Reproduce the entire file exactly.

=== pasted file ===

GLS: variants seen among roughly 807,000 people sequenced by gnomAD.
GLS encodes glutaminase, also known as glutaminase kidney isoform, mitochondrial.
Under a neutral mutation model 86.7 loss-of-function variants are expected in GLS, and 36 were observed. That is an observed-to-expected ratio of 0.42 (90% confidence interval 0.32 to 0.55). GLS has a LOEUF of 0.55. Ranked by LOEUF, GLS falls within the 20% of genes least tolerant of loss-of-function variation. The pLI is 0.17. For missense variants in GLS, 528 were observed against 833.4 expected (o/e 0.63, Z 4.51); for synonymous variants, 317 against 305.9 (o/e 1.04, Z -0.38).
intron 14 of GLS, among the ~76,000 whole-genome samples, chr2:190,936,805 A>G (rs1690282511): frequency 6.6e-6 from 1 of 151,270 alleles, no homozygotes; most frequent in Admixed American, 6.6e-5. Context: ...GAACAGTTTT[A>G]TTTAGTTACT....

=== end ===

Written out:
GLS: variants seen among roughly 807,000 people sequenced by gnomAD.
GLS encodes glutaminase, also known as glutaminase kidney isoform, mitochondrial.
Under a neutral mutation model 86.7 loss-of-function variants are expected in GLS, and 36 were observed. That is an observed-to-expected ratio of 0.42 (90% confidence interval 0.32 to 0.55). GLS has a LOEUF of 0.55. Ranked by LOEUF, GLS falls within the 20% of genes least tolerant of loss-of-function variation. The pLI is 0.17. For missense variants in GLS, 528 were observed against 833.4 expected (o/e 0.63, Z 4.51); for synonymous variants, 317 against 305.9 (o/e 1.04, Z -0.38).
intron 14 of GLS, among the ~76,000 whole-genome samples, chr2:190,936,805 A>G (rs1690282511): frequency 6.6e-6 from 1 of 151,270 alleles, no homozygotes; most frequent in Admixed American, 6.6e-5. Context: ...GAACAGTTTT[A>G]TTTAGTTACT....